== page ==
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I am writing a dissertation which already contains dozens of images in eps format. All of them compile just fine. Except for this one:

I get the following error message: Unable to read an entire line---bufsize=200000. Please increase buf_size in texmf.cnf. /user/textbin/dvips: ! unexpected eof in DVI file

Let me first emphasize that I have encountered this error before. From my understanding, it means LaTeX cannot compile the image itself (usually because I've photoshopped the picture). I've always successfully managed to fix the problem by copy-pasting the image itself into a new blank image and re-saving it.

This time, no amount of copy-pasting into a new image works. This may be due to the fact that this image is extremely heavily Photoshopped.

Here's the link to the image itself: https://www.dropbox.com/s/tz8b3xhwplijiko/supernatural_photoshop.eps?dl=0

Can any of you successfully embed it in a LaTeX file?

Thanks in advance for your help.

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    The link to the image isn't loading for me...would you mind posting the image within the question?
    – auden
    Commented Aug 11, 2016 at 19:50
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    The upload to my local DropBox does not work. Are you sure that the relevant file really is an .eps file?
    – user31729
    Commented Aug 11, 2016 at 19:51
  • I apologize, my Dropbox was taking its sweet time syncing due to a poor internet connection. The image is now up and running via the link I provided.
    – morthicia
    Commented Aug 11, 2016 at 20:09
  • @morthicia: Thanks for fixing the Dropbox issue. I've downloaded your file and examined it -- it is a DOS EPS binary file, perhaps compressed, as far as I can say this is not understable by latex
    – user31729
    Commented Aug 11, 2016 at 20:14
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    @ChristianHupfer the original is EPS but it has a binary tiff preview at the front (as allowed by the format) the one I uploaded, I just removed the preview in emacs. Commented Aug 11, 2016 at 20:29

3 Answers 3

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The file has a binary preview at the start. You can either delete it (everything from the start up to %!PS) in any reasonable editor, or re-save the image from the original application without a preview.

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The EPS is given as binary EPS file (DOS EPS binary file), a format, which allows the bundling of the PostScript section with a TIFF or Windows Metafile. The first version of the specification seems to be written in 1985, the current version is 3.0 from 1992. This age explains the "DOS" a bit.

Unhappily dvips does not support this kind of file. Some time ago, I have written a converter to extract the PostScript (and other sections) of a binary EPS file, see dosepsbin, available in CTAN and packaged in TeX Live, and MiKTeX.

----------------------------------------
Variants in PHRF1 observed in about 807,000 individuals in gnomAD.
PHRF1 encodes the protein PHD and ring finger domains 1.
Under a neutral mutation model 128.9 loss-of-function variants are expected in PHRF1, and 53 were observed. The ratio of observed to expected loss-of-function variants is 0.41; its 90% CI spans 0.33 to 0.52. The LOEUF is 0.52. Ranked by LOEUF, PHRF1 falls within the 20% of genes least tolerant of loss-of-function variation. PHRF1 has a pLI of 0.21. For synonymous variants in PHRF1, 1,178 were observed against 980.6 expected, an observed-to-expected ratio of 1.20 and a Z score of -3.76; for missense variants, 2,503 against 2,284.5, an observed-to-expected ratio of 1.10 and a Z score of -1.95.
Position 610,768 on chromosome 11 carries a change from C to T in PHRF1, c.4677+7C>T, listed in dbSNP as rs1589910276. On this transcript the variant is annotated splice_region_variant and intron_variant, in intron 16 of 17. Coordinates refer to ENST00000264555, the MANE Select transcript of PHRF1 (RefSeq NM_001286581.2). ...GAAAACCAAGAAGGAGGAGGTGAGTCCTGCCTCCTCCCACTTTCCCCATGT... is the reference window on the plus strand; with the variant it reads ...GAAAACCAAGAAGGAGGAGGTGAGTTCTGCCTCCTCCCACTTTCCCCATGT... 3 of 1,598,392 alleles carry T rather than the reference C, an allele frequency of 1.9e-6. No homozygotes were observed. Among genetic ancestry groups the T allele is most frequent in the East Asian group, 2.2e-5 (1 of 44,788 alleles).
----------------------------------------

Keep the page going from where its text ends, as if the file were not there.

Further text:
The command line:

dosepsbin --eps-file supernatural.eps supernatural_photoshop.eps

Then supernatural.eps is used in LaTeX.

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  • Thanks. Just checked out your package and doc. How do you call the package? \usepackage{dosepsbin} ??
    – morthicia
    Commented Aug 11, 2016 at 20:45
  • @morthicia It's not a TeX package, but a program. The command line is given in the answer. The program comes with documentation and there is also help on the command line: dosepsbin --help and dosepsbin --man. Commented Aug 11, 2016 at 20:49
  • @morthicia: I've converted the file to .pdf format with epspdf (a texlua scripts). Can I post it somewhere?
    – Bernard
    Commented Aug 11, 2016 at 20:59
  • @Bernard dvips cannot include PDF files. It would need to be converted back to EPS. In the case of pdflatex, which supports PDF as image format, it can directly include bitmaps like PNG or JPEG with no need to convert to EPS in the first place. Commented Aug 11, 2016 at 21:10
  • @Heiko Oberdiek: Actually, epsdpdf first converted the binary eps to a standard .eps (cropped), then I converted the latter to .pdf format.
    – Bernard
    Commented Aug 11, 2016 at 21:19
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I did it a somewhat unorthodox way (I don't know if this is helpful to you or not):

I just did a screenshot of the image, and it looked the same as it did in the dropbox file. Then, I uploaded it (I use sharelatex.com) and used the code

\documentclass{article}
\usepackage[utf8]{inputenc}
\usepackage{graphicx}

\begin{document}

\includegraphics{Babylon}

\end{document}

And got the photo on a LaTeX document.

If this isn't an option for you (to screenshot it) I'll delete this answer, but I just thought I'd throw the idea out there. Hope this helps!

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  • The problem with doing this (although it has the advantage of working for anything that you can show on screen in any application) is that you have no idea about any possible loss of resolution. The things may look identical on screen but if the original was a 1200dpi high resolution bitmap and the screendump is from a 600x400 vga screen, they certainly won't look the same when printed. Commented Aug 12, 2016 at 8:46
  • @DavidCarlisle, of course. It was mainly meant to be a "last resort" sort of option.
    – auden
    Commented Aug 12, 2016 at 13:19

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